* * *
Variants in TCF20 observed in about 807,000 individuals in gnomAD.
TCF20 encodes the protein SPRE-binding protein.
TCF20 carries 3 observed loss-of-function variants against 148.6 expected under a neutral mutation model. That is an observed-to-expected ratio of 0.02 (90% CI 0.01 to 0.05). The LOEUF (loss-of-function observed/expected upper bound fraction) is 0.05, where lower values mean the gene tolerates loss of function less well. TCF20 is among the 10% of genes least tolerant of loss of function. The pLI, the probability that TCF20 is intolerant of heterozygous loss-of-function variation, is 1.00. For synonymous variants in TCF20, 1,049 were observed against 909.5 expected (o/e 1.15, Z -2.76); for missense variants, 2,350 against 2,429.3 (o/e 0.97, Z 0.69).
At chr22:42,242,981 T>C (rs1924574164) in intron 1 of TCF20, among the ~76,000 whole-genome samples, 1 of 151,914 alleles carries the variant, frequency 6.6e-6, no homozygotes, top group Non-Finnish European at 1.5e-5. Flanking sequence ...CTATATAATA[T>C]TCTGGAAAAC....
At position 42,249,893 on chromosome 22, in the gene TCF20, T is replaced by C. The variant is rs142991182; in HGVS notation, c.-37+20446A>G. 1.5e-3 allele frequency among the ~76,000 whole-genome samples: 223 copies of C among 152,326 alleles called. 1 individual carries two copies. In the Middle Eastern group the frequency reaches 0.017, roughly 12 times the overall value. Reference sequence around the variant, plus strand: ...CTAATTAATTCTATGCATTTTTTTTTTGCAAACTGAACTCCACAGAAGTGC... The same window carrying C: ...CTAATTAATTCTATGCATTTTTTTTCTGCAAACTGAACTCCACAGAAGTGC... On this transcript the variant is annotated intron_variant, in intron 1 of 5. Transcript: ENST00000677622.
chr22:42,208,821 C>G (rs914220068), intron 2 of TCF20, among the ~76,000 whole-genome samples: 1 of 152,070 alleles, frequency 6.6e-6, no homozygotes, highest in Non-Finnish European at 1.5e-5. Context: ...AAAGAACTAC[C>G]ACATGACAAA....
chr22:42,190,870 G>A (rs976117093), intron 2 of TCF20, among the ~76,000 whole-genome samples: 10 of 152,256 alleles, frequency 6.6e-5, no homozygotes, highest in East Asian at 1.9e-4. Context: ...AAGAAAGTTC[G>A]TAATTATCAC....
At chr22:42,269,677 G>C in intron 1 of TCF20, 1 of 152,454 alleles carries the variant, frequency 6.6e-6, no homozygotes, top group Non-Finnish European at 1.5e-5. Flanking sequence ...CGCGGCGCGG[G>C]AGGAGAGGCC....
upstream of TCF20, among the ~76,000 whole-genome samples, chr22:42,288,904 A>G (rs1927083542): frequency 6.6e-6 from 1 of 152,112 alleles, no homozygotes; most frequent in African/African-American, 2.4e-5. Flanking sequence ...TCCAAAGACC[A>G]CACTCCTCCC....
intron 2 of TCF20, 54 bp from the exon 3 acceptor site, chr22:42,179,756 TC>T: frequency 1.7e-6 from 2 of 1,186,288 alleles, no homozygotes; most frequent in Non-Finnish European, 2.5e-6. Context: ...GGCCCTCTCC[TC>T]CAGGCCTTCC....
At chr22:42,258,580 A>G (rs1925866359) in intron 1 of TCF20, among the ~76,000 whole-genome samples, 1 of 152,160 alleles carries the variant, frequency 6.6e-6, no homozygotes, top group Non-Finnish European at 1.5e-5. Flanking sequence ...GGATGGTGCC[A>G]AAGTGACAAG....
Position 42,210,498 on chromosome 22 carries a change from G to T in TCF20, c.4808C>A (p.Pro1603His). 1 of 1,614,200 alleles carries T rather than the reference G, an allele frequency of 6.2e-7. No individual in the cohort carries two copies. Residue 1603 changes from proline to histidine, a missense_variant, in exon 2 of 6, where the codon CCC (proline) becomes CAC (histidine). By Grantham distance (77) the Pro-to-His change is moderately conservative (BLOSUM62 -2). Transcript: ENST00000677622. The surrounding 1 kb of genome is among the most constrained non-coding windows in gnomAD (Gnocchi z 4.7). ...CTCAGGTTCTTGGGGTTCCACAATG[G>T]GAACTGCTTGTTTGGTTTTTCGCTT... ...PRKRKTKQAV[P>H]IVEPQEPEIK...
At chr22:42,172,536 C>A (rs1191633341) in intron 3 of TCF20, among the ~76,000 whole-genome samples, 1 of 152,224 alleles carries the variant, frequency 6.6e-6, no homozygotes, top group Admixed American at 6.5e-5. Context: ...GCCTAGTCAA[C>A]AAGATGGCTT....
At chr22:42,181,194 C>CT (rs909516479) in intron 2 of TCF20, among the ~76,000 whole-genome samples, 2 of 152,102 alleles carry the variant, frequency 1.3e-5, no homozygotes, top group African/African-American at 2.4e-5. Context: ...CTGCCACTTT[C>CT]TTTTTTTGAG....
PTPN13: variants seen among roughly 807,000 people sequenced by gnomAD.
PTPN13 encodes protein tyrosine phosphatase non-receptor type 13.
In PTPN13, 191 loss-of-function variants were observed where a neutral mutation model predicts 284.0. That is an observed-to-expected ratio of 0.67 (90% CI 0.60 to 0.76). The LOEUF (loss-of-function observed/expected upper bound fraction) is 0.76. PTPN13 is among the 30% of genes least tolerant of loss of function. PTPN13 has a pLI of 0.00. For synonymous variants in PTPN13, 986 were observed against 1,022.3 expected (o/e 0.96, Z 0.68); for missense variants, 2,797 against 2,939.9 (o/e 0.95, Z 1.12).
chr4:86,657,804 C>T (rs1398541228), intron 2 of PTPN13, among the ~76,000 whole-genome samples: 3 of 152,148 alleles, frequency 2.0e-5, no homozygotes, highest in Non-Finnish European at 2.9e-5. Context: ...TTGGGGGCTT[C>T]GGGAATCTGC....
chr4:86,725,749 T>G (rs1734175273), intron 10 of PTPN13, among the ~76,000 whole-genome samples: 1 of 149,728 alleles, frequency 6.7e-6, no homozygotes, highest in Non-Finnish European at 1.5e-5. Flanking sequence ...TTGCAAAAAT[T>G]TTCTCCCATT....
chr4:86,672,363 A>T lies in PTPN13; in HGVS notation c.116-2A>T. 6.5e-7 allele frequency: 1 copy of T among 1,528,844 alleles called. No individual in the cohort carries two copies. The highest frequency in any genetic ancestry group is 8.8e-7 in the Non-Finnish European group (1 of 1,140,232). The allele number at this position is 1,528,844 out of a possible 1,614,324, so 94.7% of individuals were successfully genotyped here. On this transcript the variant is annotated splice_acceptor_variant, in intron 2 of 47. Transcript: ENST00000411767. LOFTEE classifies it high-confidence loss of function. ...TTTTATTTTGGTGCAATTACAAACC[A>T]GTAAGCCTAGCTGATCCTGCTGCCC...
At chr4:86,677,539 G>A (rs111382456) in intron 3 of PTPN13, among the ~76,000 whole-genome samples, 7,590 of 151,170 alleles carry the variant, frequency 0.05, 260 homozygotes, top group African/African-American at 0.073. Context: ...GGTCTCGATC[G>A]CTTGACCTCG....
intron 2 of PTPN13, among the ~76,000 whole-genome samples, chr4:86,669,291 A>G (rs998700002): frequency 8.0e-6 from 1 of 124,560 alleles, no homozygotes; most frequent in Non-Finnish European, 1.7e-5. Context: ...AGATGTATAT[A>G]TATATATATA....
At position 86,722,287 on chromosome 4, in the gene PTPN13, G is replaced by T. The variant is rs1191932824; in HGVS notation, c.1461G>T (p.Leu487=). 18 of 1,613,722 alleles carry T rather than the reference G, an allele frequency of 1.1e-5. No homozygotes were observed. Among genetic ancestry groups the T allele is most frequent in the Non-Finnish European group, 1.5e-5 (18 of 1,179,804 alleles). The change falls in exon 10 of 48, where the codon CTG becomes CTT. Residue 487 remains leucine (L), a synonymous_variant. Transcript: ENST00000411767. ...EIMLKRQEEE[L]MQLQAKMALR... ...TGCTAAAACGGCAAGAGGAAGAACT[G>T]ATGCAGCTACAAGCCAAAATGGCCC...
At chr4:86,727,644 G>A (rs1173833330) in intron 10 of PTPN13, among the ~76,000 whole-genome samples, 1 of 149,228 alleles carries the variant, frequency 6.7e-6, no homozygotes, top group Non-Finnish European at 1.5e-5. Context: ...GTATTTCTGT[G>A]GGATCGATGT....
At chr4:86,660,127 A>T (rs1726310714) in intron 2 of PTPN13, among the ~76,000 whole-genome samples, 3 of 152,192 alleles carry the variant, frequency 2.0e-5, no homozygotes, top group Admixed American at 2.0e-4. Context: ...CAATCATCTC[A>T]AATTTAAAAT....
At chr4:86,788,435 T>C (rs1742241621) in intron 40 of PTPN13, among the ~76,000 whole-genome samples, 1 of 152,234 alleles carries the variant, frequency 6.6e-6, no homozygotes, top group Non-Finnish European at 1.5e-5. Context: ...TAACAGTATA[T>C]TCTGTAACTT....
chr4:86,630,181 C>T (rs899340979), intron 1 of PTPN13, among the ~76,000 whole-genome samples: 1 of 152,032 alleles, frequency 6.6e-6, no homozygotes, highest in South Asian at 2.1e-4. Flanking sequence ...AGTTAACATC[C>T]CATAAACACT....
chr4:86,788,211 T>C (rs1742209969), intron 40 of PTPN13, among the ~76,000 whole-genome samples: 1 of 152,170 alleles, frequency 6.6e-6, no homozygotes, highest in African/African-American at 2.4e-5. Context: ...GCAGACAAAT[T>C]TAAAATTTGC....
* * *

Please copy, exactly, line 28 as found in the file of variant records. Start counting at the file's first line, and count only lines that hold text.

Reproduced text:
chr4:86,788,211 T>C (rs1742209969), intron 40 of PTPN13, among the ~76,000 whole-genome samples: 1 of 152,170 alleles, frequency 6.6e-6, no homozygotes, highest in African/African-American at 2.4e-5. Context: ...GCAGACAAAT[T>C]TAAAATTTGC....